January 23rd, 2014
My wife once offered me a bit of constructive criticism in the form of the passionately voiced observation that I take more pictures of my cat than I do of our kids. She offered this bit of gentle wisdom while I was in the process of taking what was probably the one millionth photograph of our cat doing something cute so that I could post it on Facebook and say something about how much I love her (yes, the cat.) I was immediately crushed by the conviction that my affections were severely misallocated, and that I was a terrible person who deserved to die a horrible death in a flaming ball of twisted, melting automobiles, or being torn apart by rabid penguins in freezing salt water, foaming with blood. I guess that maybe seems like a bit much, but the point here is that I tend to beat myself up like an angry dominatrix on crystal meth every chance I get. Later (weeks later, actually), when I told a friend about this, he simply replied, “The Internet likes cats, not kids.” Immediately, I realized that I’d been too hard on myself, but the realization was fleeting and soon seemed meaningless, as I’d quickly enough find a new and different reason to feel worthless.
I relate this here and now because it illustrates the degree to which I will voluntarily take on an excruciating amount of self loathing for no reason other than because someone suggests that I should maybe consider thinking or acting differently than I have in the past, or, I mean, really, because of absolutely any kind of stimulus that could possibly be contorted to implicate me in any way at all that might be construed as particularly unfavorable, and because this is a problem. Any sort of criticism will do it, really, and if there is the slightest note of disdain whatsoever, forget about it; I’m spending, at minimum, the rest of the day on some kind of death trip. It’s absolutely insane. It is almost as though deep inside, at the core of my being, I am still convinced, as concretely as I was in that nightmare that I couldn’t seem to stop having all those years ago, that something is utterly and irreconcilably wrong with me, and thus with the entire universe, in such a way as to catalyze the very end of life and order as we know it, and that there is absolutely nothing that I can do about it. In fact, scratch the word almost, because it’s exactly like that.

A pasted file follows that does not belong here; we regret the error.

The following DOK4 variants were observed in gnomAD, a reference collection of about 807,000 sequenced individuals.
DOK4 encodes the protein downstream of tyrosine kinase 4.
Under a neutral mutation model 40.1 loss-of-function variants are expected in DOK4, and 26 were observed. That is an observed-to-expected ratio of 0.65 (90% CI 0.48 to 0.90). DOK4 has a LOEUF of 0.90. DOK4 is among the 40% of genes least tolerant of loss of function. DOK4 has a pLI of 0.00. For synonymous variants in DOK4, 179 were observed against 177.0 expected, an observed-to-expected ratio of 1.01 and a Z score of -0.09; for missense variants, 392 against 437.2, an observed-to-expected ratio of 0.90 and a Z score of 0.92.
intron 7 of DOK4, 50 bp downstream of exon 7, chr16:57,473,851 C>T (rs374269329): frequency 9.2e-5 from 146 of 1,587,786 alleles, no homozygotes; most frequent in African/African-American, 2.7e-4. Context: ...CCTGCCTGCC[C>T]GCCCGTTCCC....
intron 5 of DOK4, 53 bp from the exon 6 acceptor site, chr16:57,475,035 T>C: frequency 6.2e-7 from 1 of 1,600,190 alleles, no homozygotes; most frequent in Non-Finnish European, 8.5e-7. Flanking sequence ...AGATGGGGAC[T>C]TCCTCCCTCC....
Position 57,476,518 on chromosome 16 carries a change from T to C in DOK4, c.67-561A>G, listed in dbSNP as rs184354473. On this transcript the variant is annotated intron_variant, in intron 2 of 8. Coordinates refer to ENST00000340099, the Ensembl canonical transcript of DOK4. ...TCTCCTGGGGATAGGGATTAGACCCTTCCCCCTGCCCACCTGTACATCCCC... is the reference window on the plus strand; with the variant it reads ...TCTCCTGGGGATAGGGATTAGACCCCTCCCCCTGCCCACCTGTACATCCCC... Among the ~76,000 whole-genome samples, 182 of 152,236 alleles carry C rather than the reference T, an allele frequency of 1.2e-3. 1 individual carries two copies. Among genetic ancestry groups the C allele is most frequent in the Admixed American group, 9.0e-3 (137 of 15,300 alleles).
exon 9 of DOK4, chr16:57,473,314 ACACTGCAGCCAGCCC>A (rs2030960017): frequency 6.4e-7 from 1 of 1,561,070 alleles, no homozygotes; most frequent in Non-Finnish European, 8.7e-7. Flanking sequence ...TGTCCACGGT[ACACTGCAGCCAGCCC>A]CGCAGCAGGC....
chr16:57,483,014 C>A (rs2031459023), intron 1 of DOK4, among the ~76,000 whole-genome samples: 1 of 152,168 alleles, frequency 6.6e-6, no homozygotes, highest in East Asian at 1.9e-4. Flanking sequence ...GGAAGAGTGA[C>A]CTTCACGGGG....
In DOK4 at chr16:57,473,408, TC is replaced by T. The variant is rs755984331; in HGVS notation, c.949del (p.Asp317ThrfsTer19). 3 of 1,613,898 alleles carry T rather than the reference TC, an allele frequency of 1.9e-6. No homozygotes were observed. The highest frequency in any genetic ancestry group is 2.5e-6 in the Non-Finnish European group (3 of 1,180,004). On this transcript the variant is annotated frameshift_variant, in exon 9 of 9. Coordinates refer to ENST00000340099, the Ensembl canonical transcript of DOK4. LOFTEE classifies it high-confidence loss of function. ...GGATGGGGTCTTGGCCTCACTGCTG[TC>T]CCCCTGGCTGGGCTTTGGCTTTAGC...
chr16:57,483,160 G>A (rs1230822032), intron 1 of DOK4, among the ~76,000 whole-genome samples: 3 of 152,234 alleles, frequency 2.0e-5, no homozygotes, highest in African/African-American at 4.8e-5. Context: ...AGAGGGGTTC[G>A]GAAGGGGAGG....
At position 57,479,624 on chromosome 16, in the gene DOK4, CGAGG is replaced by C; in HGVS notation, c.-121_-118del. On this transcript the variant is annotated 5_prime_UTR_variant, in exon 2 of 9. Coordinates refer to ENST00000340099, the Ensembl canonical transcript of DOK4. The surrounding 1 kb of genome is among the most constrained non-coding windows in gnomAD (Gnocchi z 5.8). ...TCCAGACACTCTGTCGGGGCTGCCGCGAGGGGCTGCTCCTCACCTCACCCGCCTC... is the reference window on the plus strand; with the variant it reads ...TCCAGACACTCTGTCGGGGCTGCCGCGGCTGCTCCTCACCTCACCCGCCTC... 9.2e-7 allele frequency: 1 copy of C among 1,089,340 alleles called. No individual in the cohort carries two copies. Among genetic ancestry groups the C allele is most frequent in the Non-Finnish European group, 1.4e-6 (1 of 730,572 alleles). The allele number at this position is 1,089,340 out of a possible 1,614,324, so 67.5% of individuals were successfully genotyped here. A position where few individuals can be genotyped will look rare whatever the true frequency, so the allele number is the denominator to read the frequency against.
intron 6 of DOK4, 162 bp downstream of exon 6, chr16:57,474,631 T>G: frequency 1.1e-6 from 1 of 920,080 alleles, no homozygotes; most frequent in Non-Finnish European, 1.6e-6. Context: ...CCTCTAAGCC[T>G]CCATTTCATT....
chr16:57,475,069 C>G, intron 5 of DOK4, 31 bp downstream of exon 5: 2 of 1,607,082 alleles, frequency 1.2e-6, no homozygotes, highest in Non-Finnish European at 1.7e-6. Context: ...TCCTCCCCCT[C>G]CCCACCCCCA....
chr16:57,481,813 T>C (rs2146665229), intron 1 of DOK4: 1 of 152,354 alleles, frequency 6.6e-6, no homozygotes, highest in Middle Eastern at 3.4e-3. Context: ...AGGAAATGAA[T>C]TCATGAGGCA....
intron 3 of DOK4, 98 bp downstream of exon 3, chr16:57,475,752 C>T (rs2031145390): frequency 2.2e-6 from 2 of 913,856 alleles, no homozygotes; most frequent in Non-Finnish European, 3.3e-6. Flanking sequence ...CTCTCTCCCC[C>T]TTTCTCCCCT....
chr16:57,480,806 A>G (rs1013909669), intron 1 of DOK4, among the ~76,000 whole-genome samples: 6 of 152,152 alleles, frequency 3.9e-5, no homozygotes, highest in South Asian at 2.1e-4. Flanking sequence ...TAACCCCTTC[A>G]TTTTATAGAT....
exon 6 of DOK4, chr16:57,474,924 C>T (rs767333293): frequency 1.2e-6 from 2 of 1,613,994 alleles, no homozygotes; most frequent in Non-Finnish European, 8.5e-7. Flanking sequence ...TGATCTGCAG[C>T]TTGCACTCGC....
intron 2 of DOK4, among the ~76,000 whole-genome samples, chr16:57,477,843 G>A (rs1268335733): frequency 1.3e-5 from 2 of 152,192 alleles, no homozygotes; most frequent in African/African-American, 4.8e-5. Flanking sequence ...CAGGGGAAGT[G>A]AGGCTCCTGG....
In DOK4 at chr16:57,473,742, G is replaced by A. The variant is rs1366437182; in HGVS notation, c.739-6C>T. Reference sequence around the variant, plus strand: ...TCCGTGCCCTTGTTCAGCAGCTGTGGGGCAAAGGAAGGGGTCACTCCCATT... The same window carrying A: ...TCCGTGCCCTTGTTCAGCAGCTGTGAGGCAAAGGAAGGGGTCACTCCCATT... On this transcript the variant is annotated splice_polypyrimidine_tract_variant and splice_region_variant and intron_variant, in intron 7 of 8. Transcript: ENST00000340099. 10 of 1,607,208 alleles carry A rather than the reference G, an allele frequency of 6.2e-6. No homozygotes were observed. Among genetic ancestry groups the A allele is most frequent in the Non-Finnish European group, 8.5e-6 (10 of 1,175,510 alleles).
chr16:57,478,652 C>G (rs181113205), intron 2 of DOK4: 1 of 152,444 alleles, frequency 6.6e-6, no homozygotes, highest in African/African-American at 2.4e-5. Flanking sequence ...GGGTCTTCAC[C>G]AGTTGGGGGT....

<Edward Norton’s voice>
Things will happen in my life that trigger a sort of brief, desperate panic in which I am utterly convinced of this scenario (eg. irreparable mistake, impending doom) being the purest form of reality, and where I feel as though all facades of regularity and pleasant demeanors are being peeled back, my raw, undiluted defectiveness being laid bare before God, the universe, and everybody, and in those moments I am absolutely certain that there is nothing that can ever be done by me or anyone to change this. It is as though I were created for the express purpose of failing and of thus being tortured forever with the knowledge of that failure. The certainty of it is completely visceral; I feel it and know it as clearly as a crisp, bare-knuckled blow to the head.
</Edward Norton’s voice>
These metaphors are just completely on the fly so bear with me, this is something I need to get out.
See, one thing that I’ve known for awhile is that if I don’t get this stuff out, it will somehow eat me alive. It very nearly did just that, and there was awhile there that I thought for sure that F. Scott Fitzgerald had prophesied my end when he wrote, “And then I was drunk for many years, and then I died.” I didn’t know what to do with these realizations (or rather with these vivid illusions of which I am still, at times, completely convinced, exacerbated as they have been through religion and what seems to be a rather unfortunately genetic predisposition to fear and anxiety). For years I tried to numb them with drugs, and to drown them with rum. Nothing worked.